A wnaiff y Gweinidog gadarnhau (a) faint a (b) pa gyfran o orsafoedd rheilffordd sydd â diffibrilwyr ar hyn o bryd?
According to information obtained from Save a Life Cymru (SaLC), in 2018, Transport for Wales (TfW) undertook an audit of all current defibrillator machines across its stations to identify the need for additional machines. As of January 2023, 200 of 247 TfW stations are equipped with a defibrillator and all are registered with the National Defibrillator Network (called the Circuit). TfW and SaLC are also working in partnership to raise awareness of defibrillators including holding teaching sessions on their use in Cardiff Central and Wrexham stations.
Every state school in Wales has had the opportunity to access a Welsh Government-funded defibrillator. In North Wales, between 2018 and 2020 a partnership between Betsi Cadwaladr University Health Board, Welsh Ambulance Services NHS Trust (WAST) and the cardiac charity SADS UK ensured every state secondary school had a defibrillator on site. During a similar timeframe, all state secondary schools in Mid and South Wales which did not already have a defibrillator were offered a free device by WAST.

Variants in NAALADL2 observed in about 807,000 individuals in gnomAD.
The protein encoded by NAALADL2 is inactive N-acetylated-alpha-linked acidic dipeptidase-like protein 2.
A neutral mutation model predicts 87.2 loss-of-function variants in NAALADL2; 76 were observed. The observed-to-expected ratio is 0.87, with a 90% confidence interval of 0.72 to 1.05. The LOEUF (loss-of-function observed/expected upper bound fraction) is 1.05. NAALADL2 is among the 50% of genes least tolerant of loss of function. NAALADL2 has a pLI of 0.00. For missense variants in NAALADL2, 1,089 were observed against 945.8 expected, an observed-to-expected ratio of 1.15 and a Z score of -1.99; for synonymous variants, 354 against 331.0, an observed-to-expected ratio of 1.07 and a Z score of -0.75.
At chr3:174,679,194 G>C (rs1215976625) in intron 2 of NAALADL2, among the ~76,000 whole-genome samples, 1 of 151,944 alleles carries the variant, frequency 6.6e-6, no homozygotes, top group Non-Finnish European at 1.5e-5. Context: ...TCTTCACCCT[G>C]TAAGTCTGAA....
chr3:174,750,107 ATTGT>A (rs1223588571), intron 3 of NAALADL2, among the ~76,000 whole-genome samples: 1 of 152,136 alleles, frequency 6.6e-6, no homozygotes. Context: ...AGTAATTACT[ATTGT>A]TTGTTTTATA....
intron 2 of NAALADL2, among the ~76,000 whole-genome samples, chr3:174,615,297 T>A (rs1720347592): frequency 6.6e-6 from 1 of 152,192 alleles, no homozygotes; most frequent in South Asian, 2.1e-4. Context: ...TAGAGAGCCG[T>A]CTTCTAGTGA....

In September 2021, the Welsh Government made £500,000 available to WAST to enable community groups, sporting grounds, public organisations and schools access to a defibrillator and also offered a further boost of £500,000 in February 2022. The application process was managed by SaLC with the requirement that all defibrillators had to be housed in an external cabinet, registered with the Circuit, and be available for public access without restrictions, 24 hours a day. The application process has since ended but people and organisations who want to procure a defibrillator are encouraged to contact SaLC for guidance and assistance in the process.